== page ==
Prosecutors invoked the wisdom of the Rev. Martin Luther King Jr.
They explained away differing descriptions of the shooters who waged a gun battle a block away from a second-line parade in Central City three years ago, resulting in the killing of a 2-year-old boy as he sat on his grandmother’s lap inside a parked car. They downplayed weak testimony from an apparent target of the shooting, Sean Briggs, who refused to back up an earlier statement in which he identified cousins Jamiron Pollard, 31, and Bernell “Benny” Pollard, 24, as the shooters.
They even recited poetry.
“Childhood is a kingdom where nobody dies,” Orleans Parish Assistant District Attorney Fran Bridges said. “Well, Jeremy Galmon doesn’t live there anymore.”
Whatever the argument, it was enough to persuade a jury Friday to convict the cousins on charges of second-degree murder and two counts each of attempted murder in the September 2010 incident at First and Dryades streets. The shooting spree claimed the toddler’s life and provoked a groundswell of community outrage.
After three days of testimony and more than two hours of deliberation, the jury of nine men and three women found the cousins guilty as charged on all counts.
“I think it demonstrates that there was overwhelming evidence of the guilt of these two men,” District Attorney Leon Cannizzaro said shortly after the verdict. “I hope the jury feels like we do, that there’s too much of this foolishness, too much of this gunplay.”
Cannizzaro noted the shooting death of a 1-year-old girl who was gunned down late Thursday in crossfire just six blocks from where Jeremy Galmon was killed. The slaying prompted a failed bid by the cousins’ defense attorneys Friday to canvass the jurors on their knowledge of the incident.
“We don’t want babies in this community getting killed,” Cannizzaro said. “That’s unacceptable.”
For prosecutors, the case centered in large part on Briggs, who had identified the cousins not long after the shooting but on Thursday attempted to recant, claiming a loss of memory. Briggs had been offered immunity from a related gun charge for his truthful testimony. Just how Cannizzaro’s office intends to honor that deal was unclear Friday. Cannizzaro spokesman Christopher Bowman said the office would review the case.
The jury “apparently took into account what Mr. Briggs initially said and not the recantations,” Cannizzaro said. “We’re very gratified.”
The case wrapped up Friday with testimony from admitted shoplifting addict Janice Celestine, a longtime family friend of Bernell Pollard. She said she was at the parade and ducked in an alley when the shooting began. She swore he wasn’t the shooter.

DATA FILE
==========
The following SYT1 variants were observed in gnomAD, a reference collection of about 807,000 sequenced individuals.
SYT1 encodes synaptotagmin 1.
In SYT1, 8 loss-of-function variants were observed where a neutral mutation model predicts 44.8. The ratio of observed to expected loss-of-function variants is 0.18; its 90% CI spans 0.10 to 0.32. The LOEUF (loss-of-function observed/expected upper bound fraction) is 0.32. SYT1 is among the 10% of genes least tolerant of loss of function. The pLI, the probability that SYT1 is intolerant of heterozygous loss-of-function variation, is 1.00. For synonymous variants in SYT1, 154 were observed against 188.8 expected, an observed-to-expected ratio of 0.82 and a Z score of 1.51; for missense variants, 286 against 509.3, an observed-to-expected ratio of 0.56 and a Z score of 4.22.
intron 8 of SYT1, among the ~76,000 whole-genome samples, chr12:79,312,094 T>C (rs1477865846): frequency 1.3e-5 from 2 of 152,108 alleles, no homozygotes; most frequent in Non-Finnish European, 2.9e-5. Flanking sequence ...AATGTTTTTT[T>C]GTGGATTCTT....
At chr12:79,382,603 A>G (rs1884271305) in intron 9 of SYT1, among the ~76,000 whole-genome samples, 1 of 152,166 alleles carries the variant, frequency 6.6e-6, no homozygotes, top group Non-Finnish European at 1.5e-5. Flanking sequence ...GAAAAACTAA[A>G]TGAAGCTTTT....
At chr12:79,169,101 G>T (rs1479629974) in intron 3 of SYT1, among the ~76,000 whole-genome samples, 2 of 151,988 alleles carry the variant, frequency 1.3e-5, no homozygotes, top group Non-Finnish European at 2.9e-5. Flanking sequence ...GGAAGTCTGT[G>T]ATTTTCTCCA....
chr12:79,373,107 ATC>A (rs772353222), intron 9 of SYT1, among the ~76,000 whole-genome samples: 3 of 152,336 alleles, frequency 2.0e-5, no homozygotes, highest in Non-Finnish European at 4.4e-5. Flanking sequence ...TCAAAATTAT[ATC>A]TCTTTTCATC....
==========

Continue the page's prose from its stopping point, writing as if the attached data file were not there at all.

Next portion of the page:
“That was not him. I’m telling the truth,” Celestine said.
Another witness, Pamela Benoit, also said she couldn’t identify the shooter while she was ducking into a nearby bar, but said he was taller than 6 feet and slender.
“I know Jamiron Pollard and Bernell Pollard were not the guys I saw shooting,” she said.
Descriptions of the shooters varied during the trial — a point that the defense attorneys sought to drive home during their closing statements on Friday.
“When one comes to the spring of justice, they’d like a refreshing drink. The state has failed miserably today,” said Arthur Harris, the attorney for Bernell Pollard.
“You can take a drink from that spring,” prosecutor Brittany Reed responded, “because there is justice there, and that is proved.”
Prosecutors highlighted what a detective called a tearful 2010 interview given to police by Sedale Dorsey, 23, who was killed about a month after the second-line parade shooting as he sat in a wheelchair in the 2000 block of South Liberty Street.
The motive for that killing was unclear, but it led last year to the conviction of Joseph Peters on a manslaughter count, and a 40-year prison sentence.
Prosecutors in this week’s trial produced 15 witnesses and more than 70 pieces of evidence. But as the cousins’ attorneys pointed out, the murder weapon was never recovered and there was no gunshot residue found, and no DNA.
Earlier Friday, prosecutors played an audio tape from a jail phone call that Bernell Dorsey made from jail the night before, in which it was described that Briggs “helped us out” with his wavering testimony.
On Thursday, Briggs claimed to have just seen “people running around,” but said he couldn’t identify the shooters. That differed from the earlier statement he purportedly gave to police, tagging the cousins as the shooters.
In the jail call, Bernell Pollard commented on the procession of female witnesses who came forward to describe the shooters and the bloody scene around the car where the toddler’s bloody body lay.
“This s--t is so crazy,” he said. “I ain’t worried about it, though.”
Prosecutors tried to persuade the jury that Briggs backed down out of self-preservation.
“We are dealing with situations that are controlled mainly, and solely sometimes, by fear,” Reed said.
The cousins, who face automatic life prison sentences, are scheduled to be sentenced Sept. 27. Both still face charges in a separate double murder on Christmas Day in 2007, also in Central City.